Self-esteem is essential for a healthy, happy life. It is the subjective self-evaluation of our own worth and affects how we perceive the world around us and how we behave. As parents, we know how important it is to help build our children’s self-esteem, but our efforts aren’t always successful. Make sure you are aware of signs that could indicate low self-esteem in your child(ren). When you spot one of more of these symptoms, you can act fast and deal with it before it becomes a larger problem. Watch for one or more of these 8 signs of low self-esteem.
I am not a psychologist or therapist. I’m a mom of 4 and a guardian to one sweet boy who has very low self-esteem. In trying to help him, I have consulted with several specialists to help restore his self-esteem. I’ve seen most of these signs firsthand. I share this information with you as a mom with some experience dealing with the issue trying to help other parents, but not from knowledge as an expert. If you believe your child is suffering from severe low self-esteem, I urge you to consult a professional since that is beyond the scope of the information I am sharing below.
Signs of Low Self-Esteem
As you read through these symptoms, you will probably recognize many of them from your own experience with periods of low self-esteem. No one’s self-esteem is unscathed through life. Occasional self-doubt is a natural part of life’s ups and downs. When you see one or more of these symptoms in your child, keep that in mind and don’t panic. If the signs persist despite your efforts, then it might be time to get outside help.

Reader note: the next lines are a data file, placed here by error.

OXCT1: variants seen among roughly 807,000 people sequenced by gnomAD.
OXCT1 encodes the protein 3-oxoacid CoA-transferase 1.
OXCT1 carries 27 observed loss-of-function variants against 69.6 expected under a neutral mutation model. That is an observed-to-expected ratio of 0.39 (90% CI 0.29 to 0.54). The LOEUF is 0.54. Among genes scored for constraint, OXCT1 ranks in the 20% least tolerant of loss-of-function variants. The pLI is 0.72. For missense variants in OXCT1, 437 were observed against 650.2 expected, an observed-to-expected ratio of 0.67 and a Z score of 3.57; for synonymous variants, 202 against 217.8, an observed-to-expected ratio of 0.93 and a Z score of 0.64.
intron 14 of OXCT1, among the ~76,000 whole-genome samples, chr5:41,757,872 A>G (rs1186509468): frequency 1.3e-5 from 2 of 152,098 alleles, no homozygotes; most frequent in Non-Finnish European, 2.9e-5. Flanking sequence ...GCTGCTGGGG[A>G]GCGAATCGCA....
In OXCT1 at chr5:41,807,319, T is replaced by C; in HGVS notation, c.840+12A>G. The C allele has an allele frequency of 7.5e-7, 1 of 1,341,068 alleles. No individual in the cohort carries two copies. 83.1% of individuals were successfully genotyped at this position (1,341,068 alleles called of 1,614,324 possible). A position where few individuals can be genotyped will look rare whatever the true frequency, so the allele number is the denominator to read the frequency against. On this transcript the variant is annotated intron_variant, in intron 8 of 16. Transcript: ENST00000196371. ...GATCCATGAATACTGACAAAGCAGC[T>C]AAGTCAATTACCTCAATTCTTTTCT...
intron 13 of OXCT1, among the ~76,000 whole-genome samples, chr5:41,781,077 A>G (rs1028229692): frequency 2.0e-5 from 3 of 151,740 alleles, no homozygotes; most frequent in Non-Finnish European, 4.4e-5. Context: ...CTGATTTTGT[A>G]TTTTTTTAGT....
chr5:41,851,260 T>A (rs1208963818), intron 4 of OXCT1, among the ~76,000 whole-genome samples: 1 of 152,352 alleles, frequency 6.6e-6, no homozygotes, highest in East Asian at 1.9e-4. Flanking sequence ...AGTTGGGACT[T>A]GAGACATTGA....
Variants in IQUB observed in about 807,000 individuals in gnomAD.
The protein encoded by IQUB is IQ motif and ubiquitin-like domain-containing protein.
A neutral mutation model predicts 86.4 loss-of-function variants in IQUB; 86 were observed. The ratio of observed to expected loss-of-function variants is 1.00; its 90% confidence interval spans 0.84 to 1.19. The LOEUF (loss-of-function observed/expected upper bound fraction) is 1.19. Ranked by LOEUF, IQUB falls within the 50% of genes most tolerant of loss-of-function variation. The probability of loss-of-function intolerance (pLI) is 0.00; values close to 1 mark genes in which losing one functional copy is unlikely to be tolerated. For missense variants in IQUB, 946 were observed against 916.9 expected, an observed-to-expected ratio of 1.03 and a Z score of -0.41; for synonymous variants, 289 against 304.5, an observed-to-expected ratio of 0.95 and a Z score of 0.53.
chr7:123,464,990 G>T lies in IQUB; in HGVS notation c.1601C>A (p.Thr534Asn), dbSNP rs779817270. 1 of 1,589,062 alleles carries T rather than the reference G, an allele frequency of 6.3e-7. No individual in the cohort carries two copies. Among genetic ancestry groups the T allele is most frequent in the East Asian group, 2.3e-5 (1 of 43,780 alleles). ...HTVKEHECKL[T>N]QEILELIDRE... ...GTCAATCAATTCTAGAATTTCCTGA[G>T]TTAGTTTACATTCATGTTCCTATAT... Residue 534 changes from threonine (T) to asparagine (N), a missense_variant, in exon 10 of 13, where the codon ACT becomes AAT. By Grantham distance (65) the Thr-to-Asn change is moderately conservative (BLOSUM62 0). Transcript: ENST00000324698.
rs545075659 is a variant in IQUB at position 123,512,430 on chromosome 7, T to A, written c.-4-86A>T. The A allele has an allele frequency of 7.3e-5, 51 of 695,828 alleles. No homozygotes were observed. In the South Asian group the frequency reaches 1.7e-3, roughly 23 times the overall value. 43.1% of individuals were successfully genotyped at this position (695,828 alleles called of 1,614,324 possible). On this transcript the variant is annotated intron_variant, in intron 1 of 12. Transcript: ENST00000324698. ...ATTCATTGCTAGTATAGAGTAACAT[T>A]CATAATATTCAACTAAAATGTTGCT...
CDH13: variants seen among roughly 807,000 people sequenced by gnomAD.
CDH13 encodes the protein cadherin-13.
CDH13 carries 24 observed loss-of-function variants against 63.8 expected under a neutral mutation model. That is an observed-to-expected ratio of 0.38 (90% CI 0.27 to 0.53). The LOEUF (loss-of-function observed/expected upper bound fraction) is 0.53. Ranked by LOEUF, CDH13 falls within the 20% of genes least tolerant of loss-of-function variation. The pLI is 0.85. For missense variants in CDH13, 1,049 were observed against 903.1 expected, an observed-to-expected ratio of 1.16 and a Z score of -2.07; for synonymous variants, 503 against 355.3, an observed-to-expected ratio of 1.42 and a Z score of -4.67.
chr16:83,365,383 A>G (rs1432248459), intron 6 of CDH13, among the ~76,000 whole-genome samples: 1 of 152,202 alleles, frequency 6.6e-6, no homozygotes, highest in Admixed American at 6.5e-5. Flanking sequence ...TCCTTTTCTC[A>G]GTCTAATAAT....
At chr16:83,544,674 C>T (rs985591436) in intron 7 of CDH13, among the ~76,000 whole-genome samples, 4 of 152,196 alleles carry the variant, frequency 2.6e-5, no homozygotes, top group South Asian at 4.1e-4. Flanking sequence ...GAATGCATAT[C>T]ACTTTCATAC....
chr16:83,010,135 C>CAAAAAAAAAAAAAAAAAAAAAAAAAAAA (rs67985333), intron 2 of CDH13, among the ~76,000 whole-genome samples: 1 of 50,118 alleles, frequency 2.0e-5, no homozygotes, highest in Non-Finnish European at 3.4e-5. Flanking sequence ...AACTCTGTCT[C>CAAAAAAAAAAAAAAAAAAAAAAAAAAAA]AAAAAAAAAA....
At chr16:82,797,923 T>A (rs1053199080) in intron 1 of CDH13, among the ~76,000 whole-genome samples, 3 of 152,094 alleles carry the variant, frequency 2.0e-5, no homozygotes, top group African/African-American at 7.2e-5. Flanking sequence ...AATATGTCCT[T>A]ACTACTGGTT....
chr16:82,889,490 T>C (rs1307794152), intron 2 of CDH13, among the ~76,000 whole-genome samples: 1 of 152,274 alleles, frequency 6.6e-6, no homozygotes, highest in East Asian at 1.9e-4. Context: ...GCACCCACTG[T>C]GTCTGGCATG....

Shame is one of the main symptoms of low self-esteem. Feeling shameful erodes self-esteem and strips away pride in oneself. Children who feel shame will avoid eye contact and adopt body posturing to appear smaller (e.g. hunched shoulders).
The best way to counteract shame is to deal with problems and obstacles as soon as they occur to prevent shame from taking over. Talk to your child and find out what areas of life are overwhelming or where he or she is falling short. If it’s school, encourage your child to do homework as soon as school is over and be available to answer questions or help develop study skills. If your child feels like he isn’t as athletic as his peers, do fun physical activity as a family or help him find a sport that he enjoys.
Feelings of pessimism are a good indication that self-esteem may be suffering. When you don’t feel good about yourself, you have a difficult time feeling good about anything. Pessimism is easy to spot because often the child will predict or perceive a negative outcome when you and others see it much differently. If your child is constantly seeing the glass as half empty, help him or her see things from a positive perspective. If your child is upset over losing a game, point out how well she played and the improvement in her skills from the first time she played.